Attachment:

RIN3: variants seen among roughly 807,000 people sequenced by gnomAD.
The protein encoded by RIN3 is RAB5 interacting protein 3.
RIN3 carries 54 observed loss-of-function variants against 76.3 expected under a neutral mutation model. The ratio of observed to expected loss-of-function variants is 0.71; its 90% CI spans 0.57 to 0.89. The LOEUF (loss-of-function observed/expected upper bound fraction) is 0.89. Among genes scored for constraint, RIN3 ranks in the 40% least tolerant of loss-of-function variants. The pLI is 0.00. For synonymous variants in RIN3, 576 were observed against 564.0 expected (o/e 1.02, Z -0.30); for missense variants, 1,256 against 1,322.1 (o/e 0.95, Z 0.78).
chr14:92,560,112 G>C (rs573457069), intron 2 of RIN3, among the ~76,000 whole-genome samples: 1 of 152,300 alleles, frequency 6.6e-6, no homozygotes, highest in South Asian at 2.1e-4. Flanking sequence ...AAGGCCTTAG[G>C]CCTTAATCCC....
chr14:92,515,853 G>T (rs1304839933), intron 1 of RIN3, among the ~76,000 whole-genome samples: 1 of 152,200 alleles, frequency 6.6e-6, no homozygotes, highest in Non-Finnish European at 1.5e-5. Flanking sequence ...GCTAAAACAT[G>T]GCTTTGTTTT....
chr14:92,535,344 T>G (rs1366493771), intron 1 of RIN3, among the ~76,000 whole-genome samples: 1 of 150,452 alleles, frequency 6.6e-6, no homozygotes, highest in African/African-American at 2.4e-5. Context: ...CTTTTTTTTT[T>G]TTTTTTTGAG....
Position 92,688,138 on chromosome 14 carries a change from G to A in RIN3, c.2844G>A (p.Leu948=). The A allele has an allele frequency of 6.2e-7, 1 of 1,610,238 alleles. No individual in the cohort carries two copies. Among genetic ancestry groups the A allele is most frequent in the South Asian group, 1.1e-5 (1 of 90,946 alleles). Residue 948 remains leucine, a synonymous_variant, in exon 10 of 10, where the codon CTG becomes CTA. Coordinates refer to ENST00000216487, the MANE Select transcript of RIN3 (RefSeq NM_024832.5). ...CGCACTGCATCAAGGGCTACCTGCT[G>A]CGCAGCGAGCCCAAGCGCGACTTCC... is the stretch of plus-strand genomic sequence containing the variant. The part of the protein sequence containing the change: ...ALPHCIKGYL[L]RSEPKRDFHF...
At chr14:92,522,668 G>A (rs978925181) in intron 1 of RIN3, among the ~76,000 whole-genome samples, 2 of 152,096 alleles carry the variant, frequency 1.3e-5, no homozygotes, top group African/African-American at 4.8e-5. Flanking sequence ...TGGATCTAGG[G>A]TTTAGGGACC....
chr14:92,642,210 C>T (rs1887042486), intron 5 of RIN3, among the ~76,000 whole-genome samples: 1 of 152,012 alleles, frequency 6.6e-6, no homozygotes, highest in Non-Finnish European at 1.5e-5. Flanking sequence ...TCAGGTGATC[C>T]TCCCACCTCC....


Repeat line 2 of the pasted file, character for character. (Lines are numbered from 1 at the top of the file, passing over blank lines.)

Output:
The protein encoded by RIN3 is RAB5 interacting protein 3.